Sunday, November 29, 2009

New British inquiry into Iraq war: Truth-seekers, or another committee of Israel-firsters sent in for one more whitewash?

Oliver Miles: The key question – is Blair a war criminal?

(The Independent) -- The Iraq inquiry will start hearing evidence in open session on Tuesday, and it will almost certainly lead to fireworks. Let us hope the media cover it properly; five months ago, there was a sharp debate on Iraq in the Commons which the media ignored...

We've had umpteen Iraq inquiries already, but this one should be different. Its terms of reference are open. Previous inquiries concentrated on the non-existent weapons of mass destruction, the misuse of intelligence to make the case for war, the "dodgy dossier" and so on. But there are plenty of other questions, starting with the big one: was this a war of aggression and therefore a war crime? There were two views about its legality, and the then attorney general seems to have held both of them...

When Bush tried to persuade President Chirac to go to war, Bush compared Saddam Hussein with Gog and Magog, obscure legendary figures named in the book of Ezekiel as enemies of the people of Israel. This sounds like a joke, but seems to be true. Chirac was baffled and his staff consulted a professor of theology who spilt the beans. Blair told his Iraq experts that Saddam was "uniquely evil"; the inquiry should ask him whether Bush mentioned Gog and Magog to him, or he to Bush.

The Prime Minister's choice of the members of the committee has been criticised. None is a military man, Sir John Chilcot was a member of the Hutton inquiry and has been closely involved with the security services, Baroness Prashar has no relevant experience, Sir Roderic Lyne was a serving ambassador at the time of the war, and so on.

Rather less attention has been paid to the curious appointment of two historians (which seems a lot, out of a total of five), both strong supporters of Tony Blair and/or the Iraq war. In December 2004 Sir Martin Gilbert, while pointing out that the "war on terror" was not a third world war, wrote that Bush and Blair "may well, with the passage of time and the opening of the archives, join the ranks of Roosevelt and Churchill" – an eccentric opinion that would se em to rule him out as a member of the committee. Sir Lawrence Freedman is the reputed architect of the "Blair doctrine" of humanitarian intervention, which was invoked in Kosovo and Afghanistan as well as Iraq.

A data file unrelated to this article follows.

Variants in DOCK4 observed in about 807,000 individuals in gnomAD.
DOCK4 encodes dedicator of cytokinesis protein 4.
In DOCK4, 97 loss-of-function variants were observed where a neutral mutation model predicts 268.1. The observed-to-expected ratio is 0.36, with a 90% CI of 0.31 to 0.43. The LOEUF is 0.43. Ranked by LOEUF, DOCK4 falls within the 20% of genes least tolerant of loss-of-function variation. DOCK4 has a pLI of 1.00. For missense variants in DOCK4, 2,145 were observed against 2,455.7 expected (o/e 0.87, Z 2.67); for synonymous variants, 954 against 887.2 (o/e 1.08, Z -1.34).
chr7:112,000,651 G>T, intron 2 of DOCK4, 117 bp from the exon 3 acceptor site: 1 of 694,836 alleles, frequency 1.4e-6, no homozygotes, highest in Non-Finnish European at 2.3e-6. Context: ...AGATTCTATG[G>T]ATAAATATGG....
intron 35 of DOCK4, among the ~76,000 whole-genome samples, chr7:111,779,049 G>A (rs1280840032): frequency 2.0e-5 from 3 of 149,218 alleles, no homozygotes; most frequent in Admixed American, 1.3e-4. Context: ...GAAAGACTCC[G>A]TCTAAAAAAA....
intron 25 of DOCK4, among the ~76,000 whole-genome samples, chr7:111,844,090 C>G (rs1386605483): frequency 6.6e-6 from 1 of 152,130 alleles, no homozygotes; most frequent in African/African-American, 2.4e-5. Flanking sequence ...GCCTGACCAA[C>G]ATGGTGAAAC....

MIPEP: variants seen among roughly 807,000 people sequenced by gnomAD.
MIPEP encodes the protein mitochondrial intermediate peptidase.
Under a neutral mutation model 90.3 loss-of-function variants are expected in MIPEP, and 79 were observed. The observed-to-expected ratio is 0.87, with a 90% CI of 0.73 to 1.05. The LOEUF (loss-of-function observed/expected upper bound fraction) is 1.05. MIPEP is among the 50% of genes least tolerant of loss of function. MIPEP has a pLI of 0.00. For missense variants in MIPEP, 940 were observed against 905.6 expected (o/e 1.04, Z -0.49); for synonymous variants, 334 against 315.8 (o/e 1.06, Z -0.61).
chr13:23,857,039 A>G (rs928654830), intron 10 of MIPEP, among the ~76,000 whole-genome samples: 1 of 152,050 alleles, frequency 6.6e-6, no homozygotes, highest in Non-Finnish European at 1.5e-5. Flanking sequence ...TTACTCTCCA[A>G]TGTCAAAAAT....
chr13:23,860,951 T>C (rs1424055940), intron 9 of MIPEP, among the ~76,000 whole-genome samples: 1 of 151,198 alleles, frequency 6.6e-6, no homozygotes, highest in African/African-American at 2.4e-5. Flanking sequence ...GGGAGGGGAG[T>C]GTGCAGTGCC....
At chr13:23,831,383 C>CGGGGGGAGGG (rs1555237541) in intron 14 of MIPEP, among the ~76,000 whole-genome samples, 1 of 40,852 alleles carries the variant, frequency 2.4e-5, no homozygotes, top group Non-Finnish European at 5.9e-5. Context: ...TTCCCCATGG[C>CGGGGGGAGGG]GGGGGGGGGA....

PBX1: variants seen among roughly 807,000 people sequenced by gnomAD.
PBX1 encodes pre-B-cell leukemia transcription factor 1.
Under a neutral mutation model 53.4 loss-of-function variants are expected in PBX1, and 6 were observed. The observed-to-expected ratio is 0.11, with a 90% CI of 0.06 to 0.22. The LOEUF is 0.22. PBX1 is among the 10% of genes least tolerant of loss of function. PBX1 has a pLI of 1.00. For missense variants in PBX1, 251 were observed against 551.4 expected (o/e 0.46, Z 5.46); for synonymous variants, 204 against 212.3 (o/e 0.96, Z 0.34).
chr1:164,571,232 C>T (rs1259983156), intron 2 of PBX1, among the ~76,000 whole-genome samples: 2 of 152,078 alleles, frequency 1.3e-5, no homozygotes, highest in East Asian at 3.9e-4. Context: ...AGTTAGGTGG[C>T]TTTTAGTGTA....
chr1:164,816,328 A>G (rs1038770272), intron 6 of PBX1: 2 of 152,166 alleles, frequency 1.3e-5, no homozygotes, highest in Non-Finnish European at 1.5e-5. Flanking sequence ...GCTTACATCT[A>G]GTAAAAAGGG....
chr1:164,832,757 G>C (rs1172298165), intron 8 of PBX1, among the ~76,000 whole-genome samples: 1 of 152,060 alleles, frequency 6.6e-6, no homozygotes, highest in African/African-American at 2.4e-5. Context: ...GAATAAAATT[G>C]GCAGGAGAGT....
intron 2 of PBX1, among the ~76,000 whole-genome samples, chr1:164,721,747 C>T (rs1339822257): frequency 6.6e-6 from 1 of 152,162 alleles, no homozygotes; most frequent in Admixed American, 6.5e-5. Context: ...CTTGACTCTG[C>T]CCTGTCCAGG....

Both Gilbert and Freedman are Jewish, and Gilbert at least has a record of active support for Zionism. Such facts are not usually mentioned in the mainstream British and American media, but The Jewish Chronicle and the Israeli media have no such inhibitions, and the Arabic media both in London and in the region are usually not far behind.

All five members have outstanding reputations and records, but it is a pity that, if and when the inquiry is accused of a whitewash, such handy ammunition will be available. Membership should not only be balanced; it should be seen to be balanced.

Tony Blair's responsibility for the Iraq war was a strike against him as a candidate for the role of president of the European Council. Perhaps the launch of the inquiry helped to kill the idea off. No European democratic institution has entertained the idea of electing someone under the shadow of a war crime charge since Kurt Waldheim became President of Austria in 1986...MORE...LINK

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